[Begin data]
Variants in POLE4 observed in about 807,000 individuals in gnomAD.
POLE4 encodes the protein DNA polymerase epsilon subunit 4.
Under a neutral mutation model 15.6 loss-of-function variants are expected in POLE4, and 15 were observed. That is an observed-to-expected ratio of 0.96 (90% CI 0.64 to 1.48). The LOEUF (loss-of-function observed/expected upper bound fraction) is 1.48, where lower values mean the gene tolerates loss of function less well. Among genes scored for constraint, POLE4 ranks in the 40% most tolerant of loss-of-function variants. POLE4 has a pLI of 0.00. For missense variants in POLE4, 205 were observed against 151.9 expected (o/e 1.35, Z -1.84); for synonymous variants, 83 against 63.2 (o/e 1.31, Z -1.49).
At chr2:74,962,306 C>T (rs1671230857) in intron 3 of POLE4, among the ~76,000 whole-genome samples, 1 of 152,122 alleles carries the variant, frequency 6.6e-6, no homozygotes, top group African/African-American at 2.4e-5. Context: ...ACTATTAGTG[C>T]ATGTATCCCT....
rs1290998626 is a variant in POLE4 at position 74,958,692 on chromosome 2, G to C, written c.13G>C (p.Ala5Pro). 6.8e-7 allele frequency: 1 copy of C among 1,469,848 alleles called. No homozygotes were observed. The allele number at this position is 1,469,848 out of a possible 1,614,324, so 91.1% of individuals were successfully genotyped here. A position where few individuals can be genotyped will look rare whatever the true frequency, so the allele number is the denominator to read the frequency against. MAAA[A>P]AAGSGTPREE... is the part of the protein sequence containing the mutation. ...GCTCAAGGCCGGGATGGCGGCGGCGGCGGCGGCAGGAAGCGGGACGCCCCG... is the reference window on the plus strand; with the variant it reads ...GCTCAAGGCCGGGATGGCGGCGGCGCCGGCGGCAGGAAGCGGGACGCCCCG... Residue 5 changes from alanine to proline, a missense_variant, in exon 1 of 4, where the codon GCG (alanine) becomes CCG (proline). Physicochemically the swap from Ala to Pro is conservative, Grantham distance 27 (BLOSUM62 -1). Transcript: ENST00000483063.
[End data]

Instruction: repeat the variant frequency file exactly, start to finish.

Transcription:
Variants in POLE4 observed in about 807,000 individuals in gnomAD.
POLE4 encodes the protein DNA polymerase epsilon subunit 4.
Under a neutral mutation model 15.6 loss-of-function variants are expected in POLE4, and 15 were observed. That is an observed-to-expected ratio of 0.96 (90% CI 0.64 to 1.48). The LOEUF (loss-of-function observed/expected upper bound fraction) is 1.48, where lower values mean the gene tolerates loss of function less well. Among genes scored for constraint, POLE4 ranks in the 40% most tolerant of loss-of-function variants. POLE4 has a pLI of 0.00. For missense variants in POLE4, 205 were observed against 151.9 expected (o/e 1.35, Z -1.84); for synonymous variants, 83 against 63.2 (o/e 1.31, Z -1.49).
At chr2:74,962,306 C>T (rs1671230857) in intron 3 of POLE4, among the ~76,000 whole-genome samples, 1 of 152,122 alleles carries the variant, frequency 6.6e-6, no homozygotes, top group African/African-American at 2.4e-5. Context: ...ACTATTAGTG[C>T]ATGTATCCCT....
rs1290998626 is a variant in POLE4 at position 74,958,692 on chromosome 2, G to C, written c.13G>C (p.Ala5Pro). 6.8e-7 allele frequency: 1 copy of C among 1,469,848 alleles called. No homozygotes were observed. The allele number at this position is 1,469,848 out of a possible 1,614,324, so 91.1% of individuals were successfully genotyped here. A position where few individuals can be genotyped will look rare whatever the true frequency, so the allele number is the denominator to read the frequency against. MAAA[A>P]AAGSGTPREE... is the part of the protein sequence containing the mutation. ...GCTCAAGGCCGGGATGGCGGCGGCGGCGGCGGCAGGAAGCGGGACGCCCCG... is the reference window on the plus strand; with the variant it reads ...GCTCAAGGCCGGGATGGCGGCGGCGCCGGCGGCAGGAAGCGGGACGCCCCG... Residue 5 changes from alanine to proline, a missense_variant, in exon 1 of 4, where the codon GCG (alanine) becomes CCG (proline). Physicochemically the swap from Ala to Pro is conservative, Grantham distance 27 (BLOSUM62 -1). Transcript: ENST00000483063.